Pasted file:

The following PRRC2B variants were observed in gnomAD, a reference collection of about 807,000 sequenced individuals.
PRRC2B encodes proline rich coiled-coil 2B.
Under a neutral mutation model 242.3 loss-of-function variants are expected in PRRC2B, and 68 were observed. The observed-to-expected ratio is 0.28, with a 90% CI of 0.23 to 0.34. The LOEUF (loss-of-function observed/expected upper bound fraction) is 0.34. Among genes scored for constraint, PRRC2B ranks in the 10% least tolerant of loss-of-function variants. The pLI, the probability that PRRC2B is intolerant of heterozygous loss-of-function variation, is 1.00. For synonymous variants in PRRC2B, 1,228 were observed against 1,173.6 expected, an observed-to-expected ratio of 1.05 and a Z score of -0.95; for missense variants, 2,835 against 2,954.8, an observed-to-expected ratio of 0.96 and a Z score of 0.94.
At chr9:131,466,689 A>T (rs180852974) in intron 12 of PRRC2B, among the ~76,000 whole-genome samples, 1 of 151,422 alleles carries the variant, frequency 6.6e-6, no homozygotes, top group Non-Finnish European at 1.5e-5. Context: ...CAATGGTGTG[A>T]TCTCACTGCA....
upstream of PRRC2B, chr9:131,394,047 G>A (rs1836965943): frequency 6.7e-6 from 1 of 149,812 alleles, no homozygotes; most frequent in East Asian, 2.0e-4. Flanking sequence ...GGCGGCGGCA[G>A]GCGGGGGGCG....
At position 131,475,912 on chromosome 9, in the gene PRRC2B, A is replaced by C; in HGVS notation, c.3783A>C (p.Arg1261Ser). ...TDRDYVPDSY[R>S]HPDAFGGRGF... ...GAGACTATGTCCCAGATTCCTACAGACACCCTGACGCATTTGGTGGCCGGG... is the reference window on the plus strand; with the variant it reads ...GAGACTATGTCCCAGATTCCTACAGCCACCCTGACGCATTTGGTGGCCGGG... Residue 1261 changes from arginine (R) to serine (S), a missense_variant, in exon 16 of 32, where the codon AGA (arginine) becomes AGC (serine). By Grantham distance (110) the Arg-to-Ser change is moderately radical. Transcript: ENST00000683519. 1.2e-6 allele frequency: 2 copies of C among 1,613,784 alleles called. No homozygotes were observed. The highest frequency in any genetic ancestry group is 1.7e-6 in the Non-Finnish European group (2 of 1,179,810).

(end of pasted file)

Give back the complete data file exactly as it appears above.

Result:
The following PRRC2B variants were observed in gnomAD, a reference collection of about 807,000 sequenced individuals.
PRRC2B encodes proline rich coiled-coil 2B.
Under a neutral mutation model 242.3 loss-of-function variants are expected in PRRC2B, and 68 were observed. The observed-to-expected ratio is 0.28, with a 90% CI of 0.23 to 0.34. The LOEUF (loss-of-function observed/expected upper bound fraction) is 0.34. Among genes scored for constraint, PRRC2B ranks in the 10% least tolerant of loss-of-function variants. The pLI, the probability that PRRC2B is intolerant of heterozygous loss-of-function variation, is 1.00. For synonymous variants in PRRC2B, 1,228 were observed against 1,173.6 expected, an observed-to-expected ratio of 1.05 and a Z score of -0.95; for missense variants, 2,835 against 2,954.8, an observed-to-expected ratio of 0.96 and a Z score of 0.94.
At chr9:131,466,689 A>T (rs180852974) in intron 12 of PRRC2B, among the ~76,000 whole-genome samples, 1 of 151,422 alleles carries the variant, frequency 6.6e-6, no homozygotes, top group Non-Finnish European at 1.5e-5. Context: ...CAATGGTGTG[A>T]TCTCACTGCA....
upstream of PRRC2B, chr9:131,394,047 G>A (rs1836965943): frequency 6.7e-6 from 1 of 149,812 alleles, no homozygotes; most frequent in East Asian, 2.0e-4. Flanking sequence ...GGCGGCGGCA[G>A]GCGGGGGGCG....
At position 131,475,912 on chromosome 9, in the gene PRRC2B, A is replaced by C; in HGVS notation, c.3783A>C (p.Arg1261Ser). ...TDRDYVPDSY[R>S]HPDAFGGRGF... ...GAGACTATGTCCCAGATTCCTACAGACACCCTGACGCATTTGGTGGCCGGG... is the reference window on the plus strand; with the variant it reads ...GAGACTATGTCCCAGATTCCTACAGCCACCCTGACGCATTTGGTGGCCGGG... Residue 1261 changes from arginine (R) to serine (S), a missense_variant, in exon 16 of 32, where the codon AGA (arginine) becomes AGC (serine). By Grantham distance (110) the Arg-to-Ser change is moderately radical. Transcript: ENST00000683519. 1.2e-6 allele frequency: 2 copies of C among 1,613,784 alleles called. No homozygotes were observed. The highest frequency in any genetic ancestry group is 1.7e-6 in the Non-Finnish European group (2 of 1,179,810).